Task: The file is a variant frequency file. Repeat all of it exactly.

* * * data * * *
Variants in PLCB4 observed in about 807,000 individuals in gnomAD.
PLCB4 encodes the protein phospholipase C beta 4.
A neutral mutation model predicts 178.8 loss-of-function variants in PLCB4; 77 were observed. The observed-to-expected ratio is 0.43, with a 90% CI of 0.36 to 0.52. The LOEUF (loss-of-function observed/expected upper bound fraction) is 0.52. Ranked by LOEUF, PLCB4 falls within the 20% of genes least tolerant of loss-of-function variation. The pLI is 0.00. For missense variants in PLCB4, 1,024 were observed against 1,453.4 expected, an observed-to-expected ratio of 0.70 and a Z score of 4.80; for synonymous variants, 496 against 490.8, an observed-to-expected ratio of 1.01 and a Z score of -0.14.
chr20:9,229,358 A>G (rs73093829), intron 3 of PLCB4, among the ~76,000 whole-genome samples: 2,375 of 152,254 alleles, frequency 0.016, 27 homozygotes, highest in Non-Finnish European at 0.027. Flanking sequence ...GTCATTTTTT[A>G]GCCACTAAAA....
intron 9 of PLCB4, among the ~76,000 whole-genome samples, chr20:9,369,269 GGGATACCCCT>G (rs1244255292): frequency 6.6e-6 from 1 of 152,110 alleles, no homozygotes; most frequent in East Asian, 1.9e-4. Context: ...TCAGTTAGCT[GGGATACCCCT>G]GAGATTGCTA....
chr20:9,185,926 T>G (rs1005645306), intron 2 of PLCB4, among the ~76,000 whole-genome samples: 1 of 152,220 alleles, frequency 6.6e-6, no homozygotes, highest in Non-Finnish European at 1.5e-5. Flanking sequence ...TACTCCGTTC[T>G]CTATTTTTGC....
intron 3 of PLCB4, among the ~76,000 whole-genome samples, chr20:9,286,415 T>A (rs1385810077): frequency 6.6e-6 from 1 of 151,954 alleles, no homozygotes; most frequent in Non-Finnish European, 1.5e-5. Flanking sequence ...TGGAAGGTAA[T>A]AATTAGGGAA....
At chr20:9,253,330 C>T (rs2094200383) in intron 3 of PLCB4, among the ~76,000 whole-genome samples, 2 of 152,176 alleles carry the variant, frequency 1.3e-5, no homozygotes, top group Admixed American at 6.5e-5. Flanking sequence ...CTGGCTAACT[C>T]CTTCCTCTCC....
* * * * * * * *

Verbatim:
Variants in PLCB4 observed in about 807,000 individuals in gnomAD.
PLCB4 encodes the protein phospholipase C beta 4.
A neutral mutation model predicts 178.8 loss-of-function variants in PLCB4; 77 were observed. The observed-to-expected ratio is 0.43, with a 90% CI of 0.36 to 0.52. The LOEUF (loss-of-function observed/expected upper bound fraction) is 0.52. Ranked by LOEUF, PLCB4 falls within the 20% of genes least tolerant of loss-of-function variation. The pLI is 0.00. For missense variants in PLCB4, 1,024 were observed against 1,453.4 expected, an observed-to-expected ratio of 0.70 and a Z score of 4.80; for synonymous variants, 496 against 490.8, an observed-to-expected ratio of 1.01 and a Z score of -0.14.
chr20:9,229,358 A>G (rs73093829), intron 3 of PLCB4, among the ~76,000 whole-genome samples: 2,375 of 152,254 alleles, frequency 0.016, 27 homozygotes, highest in Non-Finnish European at 0.027. Flanking sequence ...GTCATTTTTT[A>G]GCCACTAAAA....
intron 9 of PLCB4, among the ~76,000 whole-genome samples, chr20:9,369,269 GGGATACCCCT>G (rs1244255292): frequency 6.6e-6 from 1 of 152,110 alleles, no homozygotes; most frequent in East Asian, 1.9e-4. Context: ...TCAGTTAGCT[GGGATACCCCT>G]GAGATTGCTA....
chr20:9,185,926 T>G (rs1005645306), intron 2 of PLCB4, among the ~76,000 whole-genome samples: 1 of 152,220 alleles, frequency 6.6e-6, no homozygotes, highest in Non-Finnish European at 1.5e-5. Flanking sequence ...TACTCCGTTC[T>G]CTATTTTTGC....
intron 3 of PLCB4, among the ~76,000 whole-genome samples, chr20:9,286,415 T>A (rs1385810077): frequency 6.6e-6 from 1 of 151,954 alleles, no homozygotes; most frequent in Non-Finnish European, 1.5e-5. Flanking sequence ...TGGAAGGTAA[T>A]AATTAGGGAA....
At chr20:9,253,330 C>T (rs2094200383) in intron 3 of PLCB4, among the ~76,000 whole-genome samples, 2 of 152,176 alleles carry the variant, frequency 1.3e-5, no homozygotes, top group Admixed American at 6.5e-5. Flanking sequence ...CTGGCTAACT[C>T]CTTCCTCTCC....